hand gogglesSo much of what we struggle with is a matter of perception. We expend energy to fix something we perceive is broken and yet nothing ever changes. We see this as something which is a permanent flaw or an inherent error and so spend even more energy working around it with marginal success. Eventually someone, not realizing the back story of our brokenness, in wondering why we don’t just do this or that, reframes the entire situation turning what was broken into a feature with many positive attributes! The hold up a mirror and ask where the flaw is in all this amazing radiance and for the first time we see what they experience.

It’s somewhat of an Ugly Duckling issue.  Sometimes we really need to let go of what others say about us and try to see ourselves clearly. On the other hand, sometimes we need to realize that all the advice and opinions are coming from ducks when we’re a swan. The answer isn’t to change who we are, it’s to move to where there are other swans. It’s amazing how reframing things can put them in perspective.  I once had to point out to a client that they weren’t anti-social because they didn’t want to hang out in groups, do the same things with their acquaintances, and spend their free time “going out.”  They simply needed to associate with people who wanted to spend time in nature, were comfortable with silence, and didn’t need to be in constant contact to maintain the friendship. In short, they were being encouraged to hang out with a flock of ducks and do duck things when they were actually a hunting dog that needed to find its pack. Socializing for them looked very different as it included staking and maintaining territory, keeping their pack safe, and inhabiting a large but well-defined world.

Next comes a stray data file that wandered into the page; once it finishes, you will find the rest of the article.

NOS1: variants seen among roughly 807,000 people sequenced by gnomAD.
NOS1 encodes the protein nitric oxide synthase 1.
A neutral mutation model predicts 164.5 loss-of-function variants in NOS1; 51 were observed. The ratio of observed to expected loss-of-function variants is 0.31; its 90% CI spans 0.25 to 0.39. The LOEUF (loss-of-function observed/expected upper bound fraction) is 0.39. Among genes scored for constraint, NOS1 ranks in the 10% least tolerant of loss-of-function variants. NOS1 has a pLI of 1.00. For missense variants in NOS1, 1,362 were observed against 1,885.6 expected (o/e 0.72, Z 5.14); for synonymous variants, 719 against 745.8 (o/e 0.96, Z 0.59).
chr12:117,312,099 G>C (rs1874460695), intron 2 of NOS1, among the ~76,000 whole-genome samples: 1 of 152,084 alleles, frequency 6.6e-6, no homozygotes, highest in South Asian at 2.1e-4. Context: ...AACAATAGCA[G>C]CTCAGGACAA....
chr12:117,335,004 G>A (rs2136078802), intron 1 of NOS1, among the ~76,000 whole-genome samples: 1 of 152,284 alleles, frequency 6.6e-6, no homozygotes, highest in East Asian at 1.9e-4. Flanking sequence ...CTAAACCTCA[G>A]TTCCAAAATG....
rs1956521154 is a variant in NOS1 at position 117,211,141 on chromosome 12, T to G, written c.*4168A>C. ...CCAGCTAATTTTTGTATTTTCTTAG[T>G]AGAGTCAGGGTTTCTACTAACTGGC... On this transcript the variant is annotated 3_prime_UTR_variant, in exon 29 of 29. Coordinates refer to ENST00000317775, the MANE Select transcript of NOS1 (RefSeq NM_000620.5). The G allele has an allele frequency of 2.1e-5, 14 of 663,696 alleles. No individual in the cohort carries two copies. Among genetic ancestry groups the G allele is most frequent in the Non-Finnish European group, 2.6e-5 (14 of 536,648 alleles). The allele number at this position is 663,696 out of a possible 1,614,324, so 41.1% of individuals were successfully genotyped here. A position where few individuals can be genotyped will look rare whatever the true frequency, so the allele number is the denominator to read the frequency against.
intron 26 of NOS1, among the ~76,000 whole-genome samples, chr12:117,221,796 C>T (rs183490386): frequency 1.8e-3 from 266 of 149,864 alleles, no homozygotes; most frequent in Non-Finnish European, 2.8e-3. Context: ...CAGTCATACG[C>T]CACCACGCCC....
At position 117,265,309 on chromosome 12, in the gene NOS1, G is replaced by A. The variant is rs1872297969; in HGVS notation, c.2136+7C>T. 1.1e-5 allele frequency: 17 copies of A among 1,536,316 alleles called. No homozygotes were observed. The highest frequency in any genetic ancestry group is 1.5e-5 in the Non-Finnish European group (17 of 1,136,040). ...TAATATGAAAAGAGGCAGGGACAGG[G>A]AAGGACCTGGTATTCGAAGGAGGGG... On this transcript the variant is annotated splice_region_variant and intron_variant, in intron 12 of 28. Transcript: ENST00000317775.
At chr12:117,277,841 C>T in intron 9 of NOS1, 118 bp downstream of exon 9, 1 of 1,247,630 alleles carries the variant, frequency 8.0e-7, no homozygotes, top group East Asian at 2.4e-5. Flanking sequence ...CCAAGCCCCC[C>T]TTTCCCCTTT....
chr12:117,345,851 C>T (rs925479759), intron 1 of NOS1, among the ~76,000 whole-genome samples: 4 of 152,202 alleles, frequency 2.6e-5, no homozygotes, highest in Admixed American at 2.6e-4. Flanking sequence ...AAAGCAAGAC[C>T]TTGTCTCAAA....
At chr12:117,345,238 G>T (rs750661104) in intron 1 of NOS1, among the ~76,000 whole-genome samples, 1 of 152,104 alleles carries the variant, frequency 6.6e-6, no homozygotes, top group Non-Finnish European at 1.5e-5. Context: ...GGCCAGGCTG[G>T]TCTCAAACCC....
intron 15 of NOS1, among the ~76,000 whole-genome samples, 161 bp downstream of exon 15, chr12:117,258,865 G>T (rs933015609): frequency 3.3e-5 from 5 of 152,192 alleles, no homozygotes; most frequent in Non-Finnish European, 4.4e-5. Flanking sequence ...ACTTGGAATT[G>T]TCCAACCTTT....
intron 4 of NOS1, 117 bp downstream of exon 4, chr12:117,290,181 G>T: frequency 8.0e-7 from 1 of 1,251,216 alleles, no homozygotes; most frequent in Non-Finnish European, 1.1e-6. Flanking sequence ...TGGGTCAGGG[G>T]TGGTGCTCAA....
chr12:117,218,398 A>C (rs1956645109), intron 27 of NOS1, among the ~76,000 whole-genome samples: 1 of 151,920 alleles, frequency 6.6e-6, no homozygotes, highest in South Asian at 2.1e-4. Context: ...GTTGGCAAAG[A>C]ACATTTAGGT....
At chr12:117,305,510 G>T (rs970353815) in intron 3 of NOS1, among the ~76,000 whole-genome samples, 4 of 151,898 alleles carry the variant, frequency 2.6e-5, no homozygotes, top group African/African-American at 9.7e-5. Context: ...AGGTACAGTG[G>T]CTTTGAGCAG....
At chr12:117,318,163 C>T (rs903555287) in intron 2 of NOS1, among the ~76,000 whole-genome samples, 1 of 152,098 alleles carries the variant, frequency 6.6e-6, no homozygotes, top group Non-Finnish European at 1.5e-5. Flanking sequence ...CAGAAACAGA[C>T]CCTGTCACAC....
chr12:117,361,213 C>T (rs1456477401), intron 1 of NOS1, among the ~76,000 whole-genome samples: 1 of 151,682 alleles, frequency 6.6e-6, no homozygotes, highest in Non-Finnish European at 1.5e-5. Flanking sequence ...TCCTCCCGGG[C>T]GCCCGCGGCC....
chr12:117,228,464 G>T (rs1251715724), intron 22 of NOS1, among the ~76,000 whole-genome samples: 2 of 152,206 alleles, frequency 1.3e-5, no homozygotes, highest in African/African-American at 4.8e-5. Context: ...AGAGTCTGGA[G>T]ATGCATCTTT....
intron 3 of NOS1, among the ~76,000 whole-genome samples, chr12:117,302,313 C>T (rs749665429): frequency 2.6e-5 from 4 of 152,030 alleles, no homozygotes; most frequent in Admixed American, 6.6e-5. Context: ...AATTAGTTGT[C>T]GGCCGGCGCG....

It is important for us to know what lenses we are using to perceive ourselves and the world around us.  If our lenses were bequeathed to us by our family, are being provided by our culture, pushed on us by industry or “common wisdom”, or encouragingly gifted to us by our friends, we need to check and see what they are made of.  They may claim to help us correct our vision, help us see “reality” and get on the same page with everyone else, but instead they could be coloring the world in a certain way, slanting our perception of ourselves and therefore everything and everyone around us. This may be good for the, but rarely is it good for us. After looking at the lenses and deciding what they actually are and what they do, the next thing we need to do is check if we actually need them. Because more than likely we see just fine.